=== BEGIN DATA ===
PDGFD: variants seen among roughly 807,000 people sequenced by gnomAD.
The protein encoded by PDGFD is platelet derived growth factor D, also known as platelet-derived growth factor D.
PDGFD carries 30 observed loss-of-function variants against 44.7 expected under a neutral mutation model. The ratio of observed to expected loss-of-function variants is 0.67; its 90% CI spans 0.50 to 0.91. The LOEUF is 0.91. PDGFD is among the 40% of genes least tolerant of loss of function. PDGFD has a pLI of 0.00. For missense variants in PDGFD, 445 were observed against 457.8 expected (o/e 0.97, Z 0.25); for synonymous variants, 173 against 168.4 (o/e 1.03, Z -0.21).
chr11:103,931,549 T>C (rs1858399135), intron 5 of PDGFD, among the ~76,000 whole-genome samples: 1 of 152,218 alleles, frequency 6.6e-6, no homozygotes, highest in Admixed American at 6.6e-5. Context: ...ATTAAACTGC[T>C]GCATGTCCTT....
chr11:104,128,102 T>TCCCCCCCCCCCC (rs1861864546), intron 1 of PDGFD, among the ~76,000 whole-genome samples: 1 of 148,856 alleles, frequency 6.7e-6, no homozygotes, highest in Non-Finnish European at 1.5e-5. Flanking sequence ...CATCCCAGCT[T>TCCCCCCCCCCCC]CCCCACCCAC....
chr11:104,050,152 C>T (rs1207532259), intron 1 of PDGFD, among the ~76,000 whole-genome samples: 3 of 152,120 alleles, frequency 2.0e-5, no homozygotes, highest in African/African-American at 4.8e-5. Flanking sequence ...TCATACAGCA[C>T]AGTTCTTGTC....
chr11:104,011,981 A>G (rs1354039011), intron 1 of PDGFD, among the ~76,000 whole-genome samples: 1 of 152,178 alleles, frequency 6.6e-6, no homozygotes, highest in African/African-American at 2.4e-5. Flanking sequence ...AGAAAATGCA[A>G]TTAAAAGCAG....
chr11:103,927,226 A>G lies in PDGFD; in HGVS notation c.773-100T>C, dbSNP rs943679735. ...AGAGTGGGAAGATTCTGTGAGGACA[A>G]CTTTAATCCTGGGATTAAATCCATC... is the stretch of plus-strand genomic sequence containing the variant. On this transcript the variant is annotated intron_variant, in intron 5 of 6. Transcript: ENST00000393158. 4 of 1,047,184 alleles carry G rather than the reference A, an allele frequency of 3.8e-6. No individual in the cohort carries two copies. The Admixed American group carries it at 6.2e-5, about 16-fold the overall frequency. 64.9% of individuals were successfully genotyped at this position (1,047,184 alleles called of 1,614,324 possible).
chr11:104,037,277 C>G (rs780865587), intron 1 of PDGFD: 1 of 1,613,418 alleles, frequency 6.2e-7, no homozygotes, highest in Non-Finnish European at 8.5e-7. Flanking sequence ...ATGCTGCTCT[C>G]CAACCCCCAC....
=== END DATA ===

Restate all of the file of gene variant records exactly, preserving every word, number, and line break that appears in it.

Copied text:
PDGFD: variants seen among roughly 807,000 people sequenced by gnomAD.
The protein encoded by PDGFD is platelet derived growth factor D, also known as platelet-derived growth factor D.
PDGFD carries 30 observed loss-of-function variants against 44.7 expected under a neutral mutation model. The ratio of observed to expected loss-of-function variants is 0.67; its 90% CI spans 0.50 to 0.91. The LOEUF is 0.91. PDGFD is among the 40% of genes least tolerant of loss of function. PDGFD has a pLI of 0.00. For missense variants in PDGFD, 445 were observed against 457.8 expected (o/e 0.97, Z 0.25); for synonymous variants, 173 against 168.4 (o/e 1.03, Z -0.21).
chr11:103,931,549 T>C (rs1858399135), intron 5 of PDGFD, among the ~76,000 whole-genome samples: 1 of 152,218 alleles, frequency 6.6e-6, no homozygotes, highest in Admixed American at 6.6e-5. Context: ...ATTAAACTGC[T>C]GCATGTCCTT....
chr11:104,128,102 T>TCCCCCCCCCCCC (rs1861864546), intron 1 of PDGFD, among the ~76,000 whole-genome samples: 1 of 148,856 alleles, frequency 6.7e-6, no homozygotes, highest in Non-Finnish European at 1.5e-5. Flanking sequence ...CATCCCAGCT[T>TCCCCCCCCCCCC]CCCCACCCAC....
chr11:104,050,152 C>T (rs1207532259), intron 1 of PDGFD, among the ~76,000 whole-genome samples: 3 of 152,120 alleles, frequency 2.0e-5, no homozygotes, highest in African/African-American at 4.8e-5. Flanking sequence ...TCATACAGCA[C>T]AGTTCTTGTC....
chr11:104,011,981 A>G (rs1354039011), intron 1 of PDGFD, among the ~76,000 whole-genome samples: 1 of 152,178 alleles, frequency 6.6e-6, no homozygotes, highest in African/African-American at 2.4e-5. Flanking sequence ...AGAAAATGCA[A>G]TTAAAAGCAG....
chr11:103,927,226 A>G lies in PDGFD; in HGVS notation c.773-100T>C, dbSNP rs943679735. ...AGAGTGGGAAGATTCTGTGAGGACA[A>G]CTTTAATCCTGGGATTAAATCCATC... is the stretch of plus-strand genomic sequence containing the variant. On this transcript the variant is annotated intron_variant, in intron 5 of 6. Transcript: ENST00000393158. 4 of 1,047,184 alleles carry G rather than the reference A, an allele frequency of 3.8e-6. No individual in the cohort carries two copies. The Admixed American group carries it at 6.2e-5, about 16-fold the overall frequency. 64.9% of individuals were successfully genotyped at this position (1,047,184 alleles called of 1,614,324 possible).
chr11:104,037,277 C>G (rs780865587), intron 1 of PDGFD: 1 of 1,613,418 alleles, frequency 6.2e-7, no homozygotes, highest in Non-Finnish European at 8.5e-7. Flanking sequence ...ATGCTGCTCT[C>G]CAACCCCCAC....